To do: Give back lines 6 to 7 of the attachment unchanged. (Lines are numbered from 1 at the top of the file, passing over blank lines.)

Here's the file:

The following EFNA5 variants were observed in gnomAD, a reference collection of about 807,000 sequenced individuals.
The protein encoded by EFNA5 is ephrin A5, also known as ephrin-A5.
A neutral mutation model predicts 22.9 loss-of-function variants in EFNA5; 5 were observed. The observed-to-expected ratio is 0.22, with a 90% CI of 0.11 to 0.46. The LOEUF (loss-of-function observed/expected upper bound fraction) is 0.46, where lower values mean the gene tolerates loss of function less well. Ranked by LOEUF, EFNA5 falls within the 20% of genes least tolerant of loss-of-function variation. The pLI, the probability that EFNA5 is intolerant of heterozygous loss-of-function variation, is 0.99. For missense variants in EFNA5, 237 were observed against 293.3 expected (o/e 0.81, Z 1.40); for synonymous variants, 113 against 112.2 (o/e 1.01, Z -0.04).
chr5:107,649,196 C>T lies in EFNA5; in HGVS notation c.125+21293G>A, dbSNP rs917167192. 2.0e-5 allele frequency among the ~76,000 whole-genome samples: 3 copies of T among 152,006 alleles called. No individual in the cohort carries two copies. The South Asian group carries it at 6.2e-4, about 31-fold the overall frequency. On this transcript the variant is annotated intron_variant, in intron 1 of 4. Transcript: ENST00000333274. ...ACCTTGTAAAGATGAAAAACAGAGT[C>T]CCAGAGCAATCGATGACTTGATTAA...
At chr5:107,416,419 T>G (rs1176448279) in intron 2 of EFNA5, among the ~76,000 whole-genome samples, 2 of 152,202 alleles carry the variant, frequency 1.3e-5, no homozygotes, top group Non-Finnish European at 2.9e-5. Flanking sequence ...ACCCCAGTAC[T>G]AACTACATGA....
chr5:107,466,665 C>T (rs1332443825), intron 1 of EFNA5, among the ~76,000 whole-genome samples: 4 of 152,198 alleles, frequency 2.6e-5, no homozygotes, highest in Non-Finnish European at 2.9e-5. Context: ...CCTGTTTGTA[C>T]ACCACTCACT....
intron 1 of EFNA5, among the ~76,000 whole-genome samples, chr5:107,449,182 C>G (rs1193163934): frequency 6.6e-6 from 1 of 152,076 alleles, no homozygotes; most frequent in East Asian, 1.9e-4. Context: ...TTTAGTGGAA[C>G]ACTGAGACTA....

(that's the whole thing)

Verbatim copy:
chr5:107,466,665 C>T (rs1332443825), intron 1 of EFNA5, among the ~76,000 whole-genome samples: 4 of 152,198 alleles, frequency 2.6e-5, no homozygotes, highest in Non-Finnish European at 2.9e-5. Context: ...CCTGTTTGTA[C>T]ACCACTCACT....
intron 1 of EFNA5, among the ~76,000 whole-genome samples, chr5:107,449,182 C>G (rs1193163934): frequency 6.6e-6 from 1 of 152,076 alleles, no homozygotes; most frequent in East Asian, 1.9e-4. Context: ...TTTAGTGGAA[C>G]ACTGAGACTA....